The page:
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CMU Expert Cautions That Federal
Nuclear Waste Panel Risks Public Mistrust
PITTSBURGH—A renewed federal effort to fix the nation’s stalled nuclear waste program is focusing so much on technological issues that it fails to address securing the public’s trust.
, the Howard Heinz University Professor of Social and Decision Sciences
and Engineering and Public Policy
at Carnegie Mellon University, and leading researchers from around the country wrote an article in the latest issue of the journal Science
, arguing that a special White House panel on high-level radioactive waste needs to focus more on the social and political acceptability of the policies that it proposes.
In the paper
, the authors state, “While scientific and technical analyses are essential, they will not and arguably should not carry the day unless they address, substantively and procedurally, the issues that concern the public.”
Currently, the United States may be embarking on a “nuclear renaissance” with more than 50 reactors under construction and more than 100 planned over the next decade. Meanwhile, some 60,000 tons of high-level waste have accumulated in the U.S. alone, as 10 presidential administrations have failed to develop a successful waste-disposal program.
President Obama is bolstering the nation’s commitment to nuclear energy with $8.6 billion in loan guarantees to two new plants in Georgia and a 2011 budget request for tens of billions more. He also has appointed a 15-member Blue Ribbon Panel to review the storage, processing and disposal of nuclear materials.
However, the panel is dominated by scientists, technology experts and veteran political figures, leaving out social scientists, who have a vital role to play in designing respectful, effective consultation processes leading to policies capable of securing broad, stable public acceptance. That requires clearly communicating technical information, hearing the public’s concerns, and soliciting their views on possible solutions.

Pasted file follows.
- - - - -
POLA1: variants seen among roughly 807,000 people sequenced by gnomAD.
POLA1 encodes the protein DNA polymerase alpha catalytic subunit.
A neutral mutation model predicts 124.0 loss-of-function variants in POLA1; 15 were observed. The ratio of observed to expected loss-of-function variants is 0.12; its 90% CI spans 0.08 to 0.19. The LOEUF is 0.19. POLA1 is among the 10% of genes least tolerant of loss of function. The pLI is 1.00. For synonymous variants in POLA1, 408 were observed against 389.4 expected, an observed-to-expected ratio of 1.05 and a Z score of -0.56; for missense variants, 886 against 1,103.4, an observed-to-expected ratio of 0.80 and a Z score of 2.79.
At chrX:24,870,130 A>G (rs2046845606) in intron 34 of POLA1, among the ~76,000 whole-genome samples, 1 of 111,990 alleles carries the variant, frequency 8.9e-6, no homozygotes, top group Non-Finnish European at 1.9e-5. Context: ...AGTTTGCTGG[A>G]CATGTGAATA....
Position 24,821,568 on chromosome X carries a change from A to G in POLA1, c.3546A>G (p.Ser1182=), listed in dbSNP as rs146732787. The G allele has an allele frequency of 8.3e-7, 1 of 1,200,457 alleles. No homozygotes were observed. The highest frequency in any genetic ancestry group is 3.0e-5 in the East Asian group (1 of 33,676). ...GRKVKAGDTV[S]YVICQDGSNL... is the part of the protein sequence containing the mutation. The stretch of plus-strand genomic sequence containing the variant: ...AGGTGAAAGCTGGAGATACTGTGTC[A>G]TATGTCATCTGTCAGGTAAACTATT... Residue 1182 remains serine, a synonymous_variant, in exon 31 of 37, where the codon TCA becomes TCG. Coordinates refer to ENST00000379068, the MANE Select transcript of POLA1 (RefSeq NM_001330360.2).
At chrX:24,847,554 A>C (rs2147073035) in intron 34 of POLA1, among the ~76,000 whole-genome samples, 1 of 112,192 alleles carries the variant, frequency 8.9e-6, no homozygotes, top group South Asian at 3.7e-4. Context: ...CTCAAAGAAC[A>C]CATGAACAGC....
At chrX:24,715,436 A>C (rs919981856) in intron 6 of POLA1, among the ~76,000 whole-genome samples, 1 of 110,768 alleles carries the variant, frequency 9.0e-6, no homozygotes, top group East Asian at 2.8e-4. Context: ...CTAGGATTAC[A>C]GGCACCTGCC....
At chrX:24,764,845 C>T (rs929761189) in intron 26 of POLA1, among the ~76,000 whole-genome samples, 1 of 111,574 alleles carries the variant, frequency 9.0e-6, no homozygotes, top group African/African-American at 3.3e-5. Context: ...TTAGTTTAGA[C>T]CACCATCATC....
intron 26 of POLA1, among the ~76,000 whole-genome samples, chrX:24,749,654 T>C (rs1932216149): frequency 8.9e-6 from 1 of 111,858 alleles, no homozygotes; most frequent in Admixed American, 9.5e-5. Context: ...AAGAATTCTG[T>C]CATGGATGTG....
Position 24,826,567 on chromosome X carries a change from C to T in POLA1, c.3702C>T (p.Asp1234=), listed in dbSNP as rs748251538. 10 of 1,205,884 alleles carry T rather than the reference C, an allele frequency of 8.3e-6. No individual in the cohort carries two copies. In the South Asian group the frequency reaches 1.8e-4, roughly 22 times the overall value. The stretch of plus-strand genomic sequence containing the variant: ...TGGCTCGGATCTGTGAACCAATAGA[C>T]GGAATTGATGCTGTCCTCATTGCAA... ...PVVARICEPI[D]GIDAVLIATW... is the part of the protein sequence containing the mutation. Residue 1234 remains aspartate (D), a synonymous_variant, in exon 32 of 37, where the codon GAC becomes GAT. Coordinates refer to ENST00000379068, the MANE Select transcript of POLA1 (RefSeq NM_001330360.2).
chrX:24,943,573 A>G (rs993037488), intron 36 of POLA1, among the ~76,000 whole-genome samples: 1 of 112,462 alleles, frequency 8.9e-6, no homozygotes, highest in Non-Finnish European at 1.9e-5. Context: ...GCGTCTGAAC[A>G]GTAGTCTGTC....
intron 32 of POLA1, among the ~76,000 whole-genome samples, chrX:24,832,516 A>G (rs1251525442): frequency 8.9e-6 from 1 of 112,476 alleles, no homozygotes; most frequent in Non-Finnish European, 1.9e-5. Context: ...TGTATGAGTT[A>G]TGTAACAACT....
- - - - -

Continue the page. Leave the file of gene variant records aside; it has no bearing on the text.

“Disposing of nuclear waste will ultimately require public acceptability,” said Eugene Rosa
, professor of sociology at Washington State University
and lead author of the article. “Current efforts by the administration, such as the composition of the Blue Ribbon Panel, indicate that this important element may be overlooked.”
Fischhoff, whose work focuses on helping the public deal with health, safety and environmental risks, has spent more than 20 years at Carnegie Mellon collaborating with other researchers on conducting analyses relevant to the public’s concerns and communicating their results comprehensibly. “We have the science needed for meaningful public involvement,” he said. “However, in order to use it, senior leadership must view two-way communication as a strategic commitment.”
Fischhoff added, “The public’s problems with nuclear waste have complex historic roots. Digging out of that hole will require making it central to the consultation process, not an afterthought, while the experts focus on the issues that concern them. It would be a shame to see the nuclear power industry fail to get a fair hearing because it behaves in ways that revive old suspicions.”
Pictured above is Baruch Fischhoff, the Howard Heinz University Professor of Social and Decision Sciences and Engineering and Public Policy at Carnegie Mellon.